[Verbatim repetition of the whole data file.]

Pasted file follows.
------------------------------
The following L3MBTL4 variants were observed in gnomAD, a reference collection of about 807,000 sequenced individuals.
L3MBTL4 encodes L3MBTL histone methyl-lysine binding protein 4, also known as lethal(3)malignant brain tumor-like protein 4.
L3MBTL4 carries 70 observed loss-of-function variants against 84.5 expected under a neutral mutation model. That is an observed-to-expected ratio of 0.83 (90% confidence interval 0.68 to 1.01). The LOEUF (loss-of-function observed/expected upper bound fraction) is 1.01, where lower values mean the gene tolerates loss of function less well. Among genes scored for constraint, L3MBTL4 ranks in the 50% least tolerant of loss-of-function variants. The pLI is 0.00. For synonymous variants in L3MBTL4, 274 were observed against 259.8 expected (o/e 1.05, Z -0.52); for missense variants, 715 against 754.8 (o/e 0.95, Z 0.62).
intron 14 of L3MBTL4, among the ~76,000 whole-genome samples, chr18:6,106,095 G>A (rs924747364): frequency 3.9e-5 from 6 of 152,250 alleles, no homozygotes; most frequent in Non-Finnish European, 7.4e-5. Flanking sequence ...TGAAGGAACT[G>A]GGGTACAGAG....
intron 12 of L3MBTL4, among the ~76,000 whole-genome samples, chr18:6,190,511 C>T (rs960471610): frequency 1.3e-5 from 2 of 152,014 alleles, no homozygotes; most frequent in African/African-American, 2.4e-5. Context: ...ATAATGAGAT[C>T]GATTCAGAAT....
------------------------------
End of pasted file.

The following L3MBTL4 variants were observed in gnomAD, a reference collection of about 807,000 sequenced individuals.
L3MBTL4 encodes L3MBTL histone methyl-lysine binding protein 4, also known as lethal(3)malignant brain tumor-like protein 4.
L3MBTL4 carries 70 observed loss-of-function variants against 84.5 expected under a neutral mutation model. That is an observed-to-expected ratio of 0.83 (90% confidence interval 0.68 to 1.01). The LOEUF (loss-of-function observed/expected upper bound fraction) is 1.01, where lower values mean the gene tolerates loss of function less well. Among genes scored for constraint, L3MBTL4 ranks in the 50% least tolerant of loss-of-function variants. The pLI is 0.00. For synonymous variants in L3MBTL4, 274 were observed against 259.8 expected (o/e 1.05, Z -0.52); for missense variants, 715 against 754.8 (o/e 0.95, Z 0.62).
intron 14 of L3MBTL4, among the ~76,000 whole-genome samples, chr18:6,106,095 G>A (rs924747364): frequency 3.9e-5 from 6 of 152,250 alleles, no homozygotes; most frequent in Non-Finnish European, 7.4e-5. Flanking sequence ...TGAAGGAACT[G>A]GGGTACAGAG....
intron 12 of L3MBTL4, among the ~76,000 whole-genome samples, chr18:6,190,511 C>T (rs960471610): frequency 1.3e-5 from 2 of 152,014 alleles, no homozygotes; most frequent in African/African-American, 2.4e-5. Context: ...ATAATGAGAT[C>T]GATTCAGAAT....